Video Games and Aggression

My son is working on a paper for school and he picked the topic of video games and how they affect behavior. He primed himself by playing Assassin’s Creed for a couple of days, so he could aggressively look for sources and he found these:
Most Middle-school Boys And Many Girls Play Violent Video Games
Children’s Personality Features Unchanged By Short-Term Video Play
Study Examines Video Game Play Among Adolescents
Surgeons With Video Game Skill Appear To Perform Better In Simulated Surgery Skills Course
Online Multiplayer Video Games Create Greater Negative Consequences, Elicit Greater Enjoyment than Traditional Ones
How Violent Video Games Are Exemplary Aggression Teachers
In Video Games, Not All Mayhem Is Created Equal
Violent Video Games Can Increase Aggression
In Which Art Intimidates Life
This is your brain on violent media
Repeated Exposure to Media Violence Is Associated with Diminished Response in an Inhibitory Frontolimbic Network
Brain Changes When Viewing Violent Media
Media violence and the brain: when movies attack
This is Your Brain on Violent Media
Now he can start furiously typing his essay.
If only this image (from here) was not photoshopped, but reflected the real excitement of doing science instead of shooting at everything that moves….

5 responses to “Video Games and Aggression

  1. Thank you for the links – My wife and I were thinking of getting our 8th grade son a PS3, so your post is very timely.
    It looks to me like the literature is pretty conclusive that videogame violence = higher aggression. It would not be an altogether bad thing to increase his aggressiveness however, though limits are important, and that might be more on a case by case basis.
    I also saw one mention of a link to lower grades, but that has not been a propblem for our son to this point.
    Looks like I have a lot more work to do and a short amnount of time to do it. Thanks. 🙂
    Tell your son good luck on his paper.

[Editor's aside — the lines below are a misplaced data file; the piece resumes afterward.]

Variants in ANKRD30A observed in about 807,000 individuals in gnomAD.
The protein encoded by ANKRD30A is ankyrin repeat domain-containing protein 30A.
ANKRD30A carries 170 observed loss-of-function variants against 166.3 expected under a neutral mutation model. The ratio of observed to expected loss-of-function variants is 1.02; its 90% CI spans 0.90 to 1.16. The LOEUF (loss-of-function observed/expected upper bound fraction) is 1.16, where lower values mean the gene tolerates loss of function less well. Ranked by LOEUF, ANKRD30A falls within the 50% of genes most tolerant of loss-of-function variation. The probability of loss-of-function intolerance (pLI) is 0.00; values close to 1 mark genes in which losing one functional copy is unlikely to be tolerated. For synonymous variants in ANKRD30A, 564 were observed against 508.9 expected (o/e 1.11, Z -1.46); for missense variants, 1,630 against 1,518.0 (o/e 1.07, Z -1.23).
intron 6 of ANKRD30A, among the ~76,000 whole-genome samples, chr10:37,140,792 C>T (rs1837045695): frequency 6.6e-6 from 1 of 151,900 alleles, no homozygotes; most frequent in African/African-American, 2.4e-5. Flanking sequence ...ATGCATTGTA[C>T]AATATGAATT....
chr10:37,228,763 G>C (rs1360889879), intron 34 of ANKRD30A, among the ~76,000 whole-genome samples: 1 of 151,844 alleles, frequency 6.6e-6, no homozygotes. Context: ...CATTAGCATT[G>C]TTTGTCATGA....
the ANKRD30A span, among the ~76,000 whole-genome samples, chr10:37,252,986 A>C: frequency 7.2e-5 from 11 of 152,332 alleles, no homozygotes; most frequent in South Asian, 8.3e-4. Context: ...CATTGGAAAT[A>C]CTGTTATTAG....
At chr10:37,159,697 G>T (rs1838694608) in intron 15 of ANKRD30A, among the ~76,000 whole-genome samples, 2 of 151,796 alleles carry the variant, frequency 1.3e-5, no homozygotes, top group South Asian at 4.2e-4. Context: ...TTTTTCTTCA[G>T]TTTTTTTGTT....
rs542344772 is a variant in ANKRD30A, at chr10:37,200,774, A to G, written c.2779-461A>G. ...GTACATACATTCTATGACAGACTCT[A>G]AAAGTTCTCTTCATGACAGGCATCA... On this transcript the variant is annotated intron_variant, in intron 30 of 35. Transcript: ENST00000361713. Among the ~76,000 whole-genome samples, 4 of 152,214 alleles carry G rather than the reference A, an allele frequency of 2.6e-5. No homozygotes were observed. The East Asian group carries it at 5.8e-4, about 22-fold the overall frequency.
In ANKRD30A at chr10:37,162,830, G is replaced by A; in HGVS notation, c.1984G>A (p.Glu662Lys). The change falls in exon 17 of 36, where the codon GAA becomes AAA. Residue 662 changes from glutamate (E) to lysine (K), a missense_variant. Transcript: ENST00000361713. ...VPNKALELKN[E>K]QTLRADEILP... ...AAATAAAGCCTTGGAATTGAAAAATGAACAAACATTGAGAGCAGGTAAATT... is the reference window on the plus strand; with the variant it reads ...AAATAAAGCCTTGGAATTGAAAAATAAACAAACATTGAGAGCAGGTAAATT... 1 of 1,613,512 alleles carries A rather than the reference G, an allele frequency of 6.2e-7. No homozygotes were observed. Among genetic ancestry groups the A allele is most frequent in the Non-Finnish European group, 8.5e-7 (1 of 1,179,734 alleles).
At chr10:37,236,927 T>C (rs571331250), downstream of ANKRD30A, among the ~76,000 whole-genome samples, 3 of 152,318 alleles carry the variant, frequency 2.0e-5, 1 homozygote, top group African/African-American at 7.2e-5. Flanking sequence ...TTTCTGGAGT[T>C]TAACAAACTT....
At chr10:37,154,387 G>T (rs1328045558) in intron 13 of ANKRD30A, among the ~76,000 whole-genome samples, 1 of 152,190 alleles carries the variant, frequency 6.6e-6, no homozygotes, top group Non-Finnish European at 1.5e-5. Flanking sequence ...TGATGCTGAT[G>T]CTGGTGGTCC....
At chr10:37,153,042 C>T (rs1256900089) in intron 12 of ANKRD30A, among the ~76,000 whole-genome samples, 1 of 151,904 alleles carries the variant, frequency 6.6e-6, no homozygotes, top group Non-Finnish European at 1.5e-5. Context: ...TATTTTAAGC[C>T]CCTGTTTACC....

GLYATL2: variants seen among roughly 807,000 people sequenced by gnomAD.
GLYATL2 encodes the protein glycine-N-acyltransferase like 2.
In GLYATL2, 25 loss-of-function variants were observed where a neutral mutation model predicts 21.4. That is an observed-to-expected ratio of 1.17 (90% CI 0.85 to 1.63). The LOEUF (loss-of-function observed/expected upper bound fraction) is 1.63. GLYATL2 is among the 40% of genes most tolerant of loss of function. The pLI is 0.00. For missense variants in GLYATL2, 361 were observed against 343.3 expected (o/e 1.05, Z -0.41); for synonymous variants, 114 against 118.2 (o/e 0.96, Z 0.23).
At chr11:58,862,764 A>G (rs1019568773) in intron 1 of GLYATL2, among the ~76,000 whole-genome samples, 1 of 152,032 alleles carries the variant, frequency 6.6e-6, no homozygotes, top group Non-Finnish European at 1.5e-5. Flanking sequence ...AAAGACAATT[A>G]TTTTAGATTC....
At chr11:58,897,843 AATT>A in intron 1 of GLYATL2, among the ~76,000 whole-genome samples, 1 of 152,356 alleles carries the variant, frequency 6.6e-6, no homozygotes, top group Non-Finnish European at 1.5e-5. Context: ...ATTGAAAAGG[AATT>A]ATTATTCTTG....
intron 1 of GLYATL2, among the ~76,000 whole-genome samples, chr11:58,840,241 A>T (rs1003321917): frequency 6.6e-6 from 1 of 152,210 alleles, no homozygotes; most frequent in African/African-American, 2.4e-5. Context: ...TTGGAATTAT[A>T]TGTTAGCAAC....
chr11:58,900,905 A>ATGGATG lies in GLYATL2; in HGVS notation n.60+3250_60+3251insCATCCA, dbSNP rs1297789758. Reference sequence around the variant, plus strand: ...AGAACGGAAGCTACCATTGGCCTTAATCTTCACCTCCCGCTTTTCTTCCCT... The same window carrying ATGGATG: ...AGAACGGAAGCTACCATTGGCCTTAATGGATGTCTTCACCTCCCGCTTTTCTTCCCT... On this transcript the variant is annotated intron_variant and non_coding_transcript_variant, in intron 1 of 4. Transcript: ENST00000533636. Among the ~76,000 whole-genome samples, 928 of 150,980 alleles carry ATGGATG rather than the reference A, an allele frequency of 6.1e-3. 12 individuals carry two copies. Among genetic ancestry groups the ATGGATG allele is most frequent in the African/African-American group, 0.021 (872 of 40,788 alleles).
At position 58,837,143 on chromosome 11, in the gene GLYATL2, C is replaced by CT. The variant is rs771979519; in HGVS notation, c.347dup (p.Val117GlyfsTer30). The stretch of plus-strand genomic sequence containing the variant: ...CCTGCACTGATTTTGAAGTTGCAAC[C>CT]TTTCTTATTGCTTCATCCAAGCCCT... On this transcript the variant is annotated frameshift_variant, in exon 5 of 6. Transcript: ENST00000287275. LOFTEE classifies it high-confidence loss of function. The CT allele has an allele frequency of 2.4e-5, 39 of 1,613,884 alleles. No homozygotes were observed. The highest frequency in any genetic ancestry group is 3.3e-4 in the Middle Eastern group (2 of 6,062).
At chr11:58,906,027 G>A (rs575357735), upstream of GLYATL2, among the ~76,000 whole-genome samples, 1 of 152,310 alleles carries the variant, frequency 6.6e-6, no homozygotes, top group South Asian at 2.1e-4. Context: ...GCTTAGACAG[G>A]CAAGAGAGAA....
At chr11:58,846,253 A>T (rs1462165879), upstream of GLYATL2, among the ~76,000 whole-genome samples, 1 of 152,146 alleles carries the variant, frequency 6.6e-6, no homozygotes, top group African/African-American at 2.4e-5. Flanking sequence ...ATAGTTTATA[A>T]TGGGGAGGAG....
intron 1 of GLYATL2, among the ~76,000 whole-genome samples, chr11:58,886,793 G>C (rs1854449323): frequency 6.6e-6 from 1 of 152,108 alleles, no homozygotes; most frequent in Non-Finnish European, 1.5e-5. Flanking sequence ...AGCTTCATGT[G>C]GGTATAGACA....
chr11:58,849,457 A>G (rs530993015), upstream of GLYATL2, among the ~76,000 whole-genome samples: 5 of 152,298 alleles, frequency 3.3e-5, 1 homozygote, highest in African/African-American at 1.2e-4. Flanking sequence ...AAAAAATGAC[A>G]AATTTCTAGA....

ps: Oprah called. She says Edwards is going down! Damn! I think I have been playing too many video games myself.

  2. This is the best way to learn biology, I think.

  3. I think the research project is a good one, and good luck to your son. Understanding the effects of video games is the best way we can glean their benefits and head off potential harm. I haven’t done much reading about the subject, but I have a video game enthusiast just down the hall that I observe closely.
    I think my son has gained some benefit from online video games, because he has had to think about what both his teammates and opponents are doing. He is forced to think ahead, predict behavior of others, and use in-game resources quickly, while under the stress of having opponents looking to get him.
    Many of the same mental benefits are available through team sports, with the added benefit of exercise. But the games allow a different sort of play, different resources to be used, and they are accessible when team sports are not.
    I do not worry too much about the games causing violent behavior, but I think the concern is valid. Thus far, we have a good rapport with our kids, and are pretty strict about how they behave in ‘meatspace’. I think games can be an excellent outlet. One needs to diligently teach and shepherd children, and make sure the line between fantasy and reality stays clear.

  4. Dr Croft, please button up that lab coat. These things are supposed to provide protection, and there’s no telling what damage that purple stuff can do on exposed skin, not to mention those overfull test tubes.